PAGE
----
Accordingly, the pre-loading system of the present invention may be provided a configuration manager 103. The configuration manager 103 provides a user interface to the user, and receives preference information input by the user, for example, the preference time range and loading size of the dynamic link libraries, in order to filter the dynamic link libraries. Thus, the invoker 103 may use the received user preference information as a condition to filter the dynamic link libraries logged in the log files, and only pre-load those dynamic link libraries meeting the filtering condition. In the above example, the user may set the preference time range as current time frame T, and set the loading size as 30. Thus, the invoker 102 will load the top 30 of the most frequently used dynamic link libraries in the time frame T upon startup of the system, which ensures the pre-loading of the dynamic link libraries required for startup of the application M. Accordingly, the application M can be quickly started up when the user wants to use it. The above description is only for exemplary purposes only, and the configuration manager 103 can be applied in a flexible manner. The configuration manager 103 can be designed such that the user can input various preference information according to the demands, so that the system of the invention can adaptively pre-load crucial dynamic link libraries in response to the variation of the most frequently used applications. Also, after receiving new loading preference input by the user, the configuration manager 103 updates the configuration files holding the loading preference information under its maintenance. Further, for convenience, the preference information held in the configuration files may have default settings set by the system.
The pre-loading process will be described herein below with reference to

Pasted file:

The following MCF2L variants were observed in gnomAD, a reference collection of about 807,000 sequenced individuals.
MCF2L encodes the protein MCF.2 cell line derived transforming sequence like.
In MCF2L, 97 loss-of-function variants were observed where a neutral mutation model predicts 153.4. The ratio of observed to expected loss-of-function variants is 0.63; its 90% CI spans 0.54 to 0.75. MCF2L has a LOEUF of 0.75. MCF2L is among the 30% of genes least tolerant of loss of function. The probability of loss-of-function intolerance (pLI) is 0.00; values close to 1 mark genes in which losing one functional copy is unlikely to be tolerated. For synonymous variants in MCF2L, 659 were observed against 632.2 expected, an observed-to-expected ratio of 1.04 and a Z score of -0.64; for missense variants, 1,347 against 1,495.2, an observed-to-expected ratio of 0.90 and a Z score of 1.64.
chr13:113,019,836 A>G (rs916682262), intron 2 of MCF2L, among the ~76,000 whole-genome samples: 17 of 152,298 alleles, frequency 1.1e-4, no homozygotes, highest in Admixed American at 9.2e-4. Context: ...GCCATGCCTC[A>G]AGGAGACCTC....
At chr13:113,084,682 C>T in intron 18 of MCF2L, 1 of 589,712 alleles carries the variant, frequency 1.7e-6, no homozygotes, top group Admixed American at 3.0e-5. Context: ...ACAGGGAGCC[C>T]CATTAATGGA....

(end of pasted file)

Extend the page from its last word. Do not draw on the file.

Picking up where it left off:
As shown in
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The present invention is described above with detailed embodiments. According to the present invention, when the user's favorite applications change, they can be reflected in the log file. Since the invoker loads dynamic link libraries selected from the log file, which is generated and maintained by the monitor component, this invention can automatically adapt to changes in the user's favorite applications, and the whole process is transparent to the user. Furthermore, because the present invention does not use the “service” feature of the operating system, the user doesn't need to maintain a long list of “service” programs and worry about which one to be unregistered when he finds a system startup performance downgrade. In addition, there is no need to register many “service” programs except those real “server” programs, which can save a large amount of runtime system resources. Accordingly, this invention can greatly improve the startup performance of the most frequently used applications in the system, while inherently getting rid of the drawbacks of the “service” mechanism.
Although a few embodiments of the present invention have been shown and described, it will be appreciated by those skilled in the art that changes may be made to these embodiments without departing the principles and sprite of the invention, the scope of which is defined in the claims and their equivalents.
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|U.S. Classification||713/1, 713/2|
|International Classification||G06F15/177, G06F9/24, G06F9/00|
|Aug 4, 2008||AS||Assignment|
Owner name: INTERNATIONAL BUSINESS MACHINES CORPORATION, NEW Y
Free format text: ASSIGNMENT OF ASSIGNORS INTEREST;ASSIGNORS:CHENG, YUAN;HONG, HUA FENG;QU, MIN;AND OTHERS;REEL/FRAME:021334/0679
Effective date: 20080701
|Apr 14, 2015||FPAY||Fee payment|
Year of fee payment: 4